But Beans, your opinion about what path is the right path is your own opinion. People can make a great career in magic without picking up a single book about magic. There is enough content out there in the video format that any person interested in magic, working professional, etc. can be a very successful magician. It's a different world we live in now, many things are video based now. Training at work now usually consists of videos and literature, if not that fully video depending on the job. It is still true that some training consists of only reading, but that is usually supplemented with hands on training. Nothing beats hands on training whether it have an intro through video or written word.

In theory the measure of success in a magician isn't whether they start with dvds or books, it is their ability to learn through doing and performing that is the key factor. Personally, if the original poster wants to start with Drawing Room Deceptions, I don't see any problem with that. It's going to be tough because it is a tough book to try and swallow right out of the gates. But if they stick to it and continue practicing what is in the book and whatever effects or sleights they already know, they will only gain more technical knowledge. The one's who struggle through life, learn more then those who don't.

There is no right or wrong in magic, that is why it is a profession with very different and unique performers out there. A strong foundation is key, and if they already have that, who is to say that taking on advanced technique isn't the right way to go? There are no rigid game plans past a foundation in magic, whether that be a single card trick taught by your uncle or an effect learned from a magic book found in a library. As long as the person has an actual drive and wants to learn more about magic, they will find what they seek. Magic is sheltered behind closed doors. However those doors aren't locked and if one would only turn the knob of the door and open it, they will be rewarded with a wealth of knowledge and secrets of magicians.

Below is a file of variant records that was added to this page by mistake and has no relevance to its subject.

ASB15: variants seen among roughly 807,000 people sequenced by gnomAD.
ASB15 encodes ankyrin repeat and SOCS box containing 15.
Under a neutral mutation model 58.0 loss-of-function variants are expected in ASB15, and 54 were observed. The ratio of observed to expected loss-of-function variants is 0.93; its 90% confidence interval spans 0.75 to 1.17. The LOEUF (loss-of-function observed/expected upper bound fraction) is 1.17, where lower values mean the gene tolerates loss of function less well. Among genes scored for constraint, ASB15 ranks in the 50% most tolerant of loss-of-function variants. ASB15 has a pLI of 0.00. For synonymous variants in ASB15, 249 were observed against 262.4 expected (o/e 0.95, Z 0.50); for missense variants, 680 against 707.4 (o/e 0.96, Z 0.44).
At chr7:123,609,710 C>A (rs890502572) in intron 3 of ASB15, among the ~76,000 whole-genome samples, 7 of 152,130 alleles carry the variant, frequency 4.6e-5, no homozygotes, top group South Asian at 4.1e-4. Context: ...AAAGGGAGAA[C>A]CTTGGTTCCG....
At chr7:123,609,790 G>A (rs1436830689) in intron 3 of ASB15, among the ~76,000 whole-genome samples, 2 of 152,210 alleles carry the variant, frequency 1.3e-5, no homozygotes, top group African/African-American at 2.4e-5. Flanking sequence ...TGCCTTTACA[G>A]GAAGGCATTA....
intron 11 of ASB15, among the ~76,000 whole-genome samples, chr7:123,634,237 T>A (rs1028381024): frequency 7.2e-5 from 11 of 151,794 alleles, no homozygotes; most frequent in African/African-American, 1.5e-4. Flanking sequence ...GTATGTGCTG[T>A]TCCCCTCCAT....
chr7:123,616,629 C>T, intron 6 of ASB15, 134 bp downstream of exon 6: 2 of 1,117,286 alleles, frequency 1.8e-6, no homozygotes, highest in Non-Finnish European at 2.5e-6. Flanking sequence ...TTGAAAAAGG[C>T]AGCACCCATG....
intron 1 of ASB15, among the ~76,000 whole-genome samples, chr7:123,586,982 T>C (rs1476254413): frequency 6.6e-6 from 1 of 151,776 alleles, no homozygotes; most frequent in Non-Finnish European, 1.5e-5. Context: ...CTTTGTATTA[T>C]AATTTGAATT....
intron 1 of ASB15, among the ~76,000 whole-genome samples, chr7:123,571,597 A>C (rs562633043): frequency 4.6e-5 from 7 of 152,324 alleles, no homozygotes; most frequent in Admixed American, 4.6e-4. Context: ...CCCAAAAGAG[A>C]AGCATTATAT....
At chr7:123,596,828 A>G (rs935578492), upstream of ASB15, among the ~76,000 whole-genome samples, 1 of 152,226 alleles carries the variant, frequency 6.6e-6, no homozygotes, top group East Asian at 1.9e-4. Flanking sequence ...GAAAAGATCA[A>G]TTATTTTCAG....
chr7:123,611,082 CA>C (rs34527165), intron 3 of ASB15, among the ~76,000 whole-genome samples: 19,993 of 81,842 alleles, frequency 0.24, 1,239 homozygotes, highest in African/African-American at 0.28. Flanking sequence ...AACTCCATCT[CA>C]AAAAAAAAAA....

Sep 1, 2007
733
2
I understand what you're saying Keo. However, you and I both have seen the countless amount of young/beginning magicians who try to take on way too much far too soon. They're all over this website, and sadly, all over YouTube. They become hobbyist magicians who are afraid to perform for laypeople because the stuff they started with was so difficult they either get caught or they never have the confidence to go and perform the stuff.

You're right though, you could do alright without ever reading a book, but I think some of the best effects and advice are in books. Of course that's just my opinion, but that's all I can really offer. My start-up in magic was Ellusionist DVDs when they got popular about 6 years ago. About 3 or 4 years ago I realized that I knew a handful of effects but I couldn't create my own because I didn't know a whole ton of sleights or what made a good effect. That's when I went back and read all the basic books and worked my way through to the books I read now.

My opinion comes out of the growth I feel that I had when I started some great books on magic. More than I had ever learned from a DVD. It's allowed me to grow even after I put the book down.

I'm totally working off the assumption that the OP is still in the foundations stage of his magic, and that's because it's so tough to get a strong foundation without spending $700 on all the DVDs you would need. Or a couple hundred for the Tarbell Course and Card College. So either he has a ton of beginner/novice magic DVDs and he does have the strong foundation, in which case I'll re-frame my mindset on this. I just think the more likely of the options is that the OP is diving in over their head.
 
Nov 8, 2007
1,248
3
There's a place for both video and books. That's why most top creators have released material through both mediums. Sounds to me like Moiz gets that more than most of the people posting on this thread do.